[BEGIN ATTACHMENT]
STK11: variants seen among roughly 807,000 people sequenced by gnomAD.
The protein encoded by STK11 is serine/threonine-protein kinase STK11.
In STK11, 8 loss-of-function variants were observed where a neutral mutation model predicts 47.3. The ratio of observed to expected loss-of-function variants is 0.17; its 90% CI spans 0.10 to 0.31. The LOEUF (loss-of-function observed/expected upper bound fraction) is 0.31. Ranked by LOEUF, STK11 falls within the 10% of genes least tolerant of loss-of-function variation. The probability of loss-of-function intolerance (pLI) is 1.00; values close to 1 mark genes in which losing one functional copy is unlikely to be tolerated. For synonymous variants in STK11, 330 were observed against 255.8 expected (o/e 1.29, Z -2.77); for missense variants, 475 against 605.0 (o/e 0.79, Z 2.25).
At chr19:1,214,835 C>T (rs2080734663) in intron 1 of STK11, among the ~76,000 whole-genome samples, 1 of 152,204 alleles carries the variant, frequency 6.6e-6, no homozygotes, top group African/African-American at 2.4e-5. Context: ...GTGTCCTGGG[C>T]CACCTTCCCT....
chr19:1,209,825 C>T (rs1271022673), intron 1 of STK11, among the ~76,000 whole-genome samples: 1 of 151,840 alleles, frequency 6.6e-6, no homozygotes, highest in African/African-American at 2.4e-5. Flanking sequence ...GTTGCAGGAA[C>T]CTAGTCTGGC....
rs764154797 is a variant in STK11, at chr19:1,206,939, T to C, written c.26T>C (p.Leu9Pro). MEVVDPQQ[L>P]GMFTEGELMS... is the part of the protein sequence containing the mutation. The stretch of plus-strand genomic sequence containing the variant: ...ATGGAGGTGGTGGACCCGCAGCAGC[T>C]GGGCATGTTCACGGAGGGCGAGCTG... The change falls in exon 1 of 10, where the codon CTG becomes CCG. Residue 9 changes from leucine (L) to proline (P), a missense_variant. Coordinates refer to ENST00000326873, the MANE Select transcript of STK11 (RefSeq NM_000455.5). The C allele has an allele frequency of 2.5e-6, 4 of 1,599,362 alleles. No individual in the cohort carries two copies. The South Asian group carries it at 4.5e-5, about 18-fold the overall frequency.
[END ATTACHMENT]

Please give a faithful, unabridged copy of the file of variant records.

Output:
STK11: variants seen among roughly 807,000 people sequenced by gnomAD.
The protein encoded by STK11 is serine/threonine-protein kinase STK11.
In STK11, 8 loss-of-function variants were observed where a neutral mutation model predicts 47.3. The ratio of observed to expected loss-of-function variants is 0.17; its 90% CI spans 0.10 to 0.31. The LOEUF (loss-of-function observed/expected upper bound fraction) is 0.31. Ranked by LOEUF, STK11 falls within the 10% of genes least tolerant of loss-of-function variation. The probability of loss-of-function intolerance (pLI) is 1.00; values close to 1 mark genes in which losing one functional copy is unlikely to be tolerated. For synonymous variants in STK11, 330 were observed against 255.8 expected (o/e 1.29, Z -2.77); for missense variants, 475 against 605.0 (o/e 0.79, Z 2.25).
At chr19:1,214,835 C>T (rs2080734663) in intron 1 of STK11, among the ~76,000 whole-genome samples, 1 of 152,204 alleles carries the variant, frequency 6.6e-6, no homozygotes, top group African/African-American at 2.4e-5. Context: ...GTGTCCTGGG[C>T]CACCTTCCCT....
chr19:1,209,825 C>T (rs1271022673), intron 1 of STK11, among the ~76,000 whole-genome samples: 1 of 151,840 alleles, frequency 6.6e-6, no homozygotes, highest in African/African-American at 2.4e-5. Flanking sequence ...GTTGCAGGAA[C>T]CTAGTCTGGC....
rs764154797 is a variant in STK11, at chr19:1,206,939, T to C, written c.26T>C (p.Leu9Pro). MEVVDPQQ[L>P]GMFTEGELMS... is the part of the protein sequence containing the mutation. The stretch of plus-strand genomic sequence containing the variant: ...ATGGAGGTGGTGGACCCGCAGCAGC[T>C]GGGCATGTTCACGGAGGGCGAGCTG... The change falls in exon 1 of 10, where the codon CTG becomes CCG. Residue 9 changes from leucine (L) to proline (P), a missense_variant. Coordinates refer to ENST00000326873, the MANE Select transcript of STK11 (RefSeq NM_000455.5). The C allele has an allele frequency of 2.5e-6, 4 of 1,599,362 alleles. No individual in the cohort carries two copies. The South Asian group carries it at 4.5e-5, about 18-fold the overall frequency.